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Shakespeare comes with a lot of baggage. Elitism. Middle-aged people going to matinees in otherwise unremarkable rural towns. Academia. An actor's dream role. In chatting with performers, Scott and I hear about women of colour being told they shouldn't bother auditioning for Shakespearean plays, because they will never get cast as the lead. At the same time, people love to talk about how Shakespeare's work is universal. Shakespeare's friend Ben Jonson, eulogising him in the First Folio (1623) said that "He was not of an age, but for all time." It's certain that stories of betrayal, corruption, and love are universal, but it seems like that universality applies more strongly to one group than others. When Shakespeare wrote, there may not have been words for homophobia, transphobia, misogyny, racism, ableism and the rest of the ways society creates and maintains oppression, but those things were very much built into the stories he told. We can't keep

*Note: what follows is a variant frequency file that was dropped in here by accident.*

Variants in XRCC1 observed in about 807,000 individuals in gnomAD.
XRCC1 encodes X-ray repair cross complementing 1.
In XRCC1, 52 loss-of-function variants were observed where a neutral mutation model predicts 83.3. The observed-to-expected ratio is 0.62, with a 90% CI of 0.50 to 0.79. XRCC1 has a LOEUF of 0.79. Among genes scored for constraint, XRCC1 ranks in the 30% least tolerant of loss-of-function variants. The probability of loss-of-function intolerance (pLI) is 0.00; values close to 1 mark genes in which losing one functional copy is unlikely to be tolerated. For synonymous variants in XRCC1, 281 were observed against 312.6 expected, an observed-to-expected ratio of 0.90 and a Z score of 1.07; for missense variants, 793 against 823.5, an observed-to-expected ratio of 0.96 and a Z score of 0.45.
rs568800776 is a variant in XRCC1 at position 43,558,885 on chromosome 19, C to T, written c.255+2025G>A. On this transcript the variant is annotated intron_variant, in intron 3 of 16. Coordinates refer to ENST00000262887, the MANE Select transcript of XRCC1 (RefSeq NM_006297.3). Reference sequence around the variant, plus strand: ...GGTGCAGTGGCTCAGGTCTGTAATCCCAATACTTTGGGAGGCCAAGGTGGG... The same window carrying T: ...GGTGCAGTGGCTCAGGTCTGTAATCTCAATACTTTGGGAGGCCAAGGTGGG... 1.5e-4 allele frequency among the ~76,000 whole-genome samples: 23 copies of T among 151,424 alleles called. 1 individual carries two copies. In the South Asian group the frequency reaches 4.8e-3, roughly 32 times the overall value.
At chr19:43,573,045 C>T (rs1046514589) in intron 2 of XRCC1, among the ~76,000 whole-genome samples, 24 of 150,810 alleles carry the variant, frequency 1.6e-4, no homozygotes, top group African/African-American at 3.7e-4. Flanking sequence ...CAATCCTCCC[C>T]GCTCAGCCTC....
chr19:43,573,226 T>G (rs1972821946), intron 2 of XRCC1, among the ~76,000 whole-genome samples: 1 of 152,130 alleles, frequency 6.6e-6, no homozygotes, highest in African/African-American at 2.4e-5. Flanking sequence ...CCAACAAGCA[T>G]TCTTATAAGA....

Riotous Youth Shakespeare, like all good things, began as an accident. Scott Emerson Moyle had a decade of stage combat and other theatre experience on his resume before his brother unceremoniously dumped him in front of 20 fifteen-year-olds at the International School of Brussels. Scott found himself teaching an impromptu Shakespeare workshop that would become Riotous Youth Shakespeare. Six years later, we have big dreams of radically inclusive Shakespeare practice, bringing arts-workers into schools and students into the arts. Riotous Youth Shakespeare is a brand new theatrical organisation that seeks to provide active, inclusive and engaging lessons in Shakespeare where all students can find a place to thrive within in a cultural hallmark so steeped in elitism and centuries of casual oppression. I’m Coco, and in part I’ll be joining Riotous Youth Shakespeare, as its origins go way back. On the other hand, I’ll be building from scratch , with my partner Scott Emerson Moyl
We recently had the pleasure of visiting The Linden School, Toronto's premier independent feminist school. For more information about our days at Linden, check out our article Shaking Up Shakespeare , in their website newsletter, the Linden Voice. Grade 8s get to feel the heartbeat rhythm of iambic pentameter with a little bit of physical activity. No actors were harmed in the making of this photo!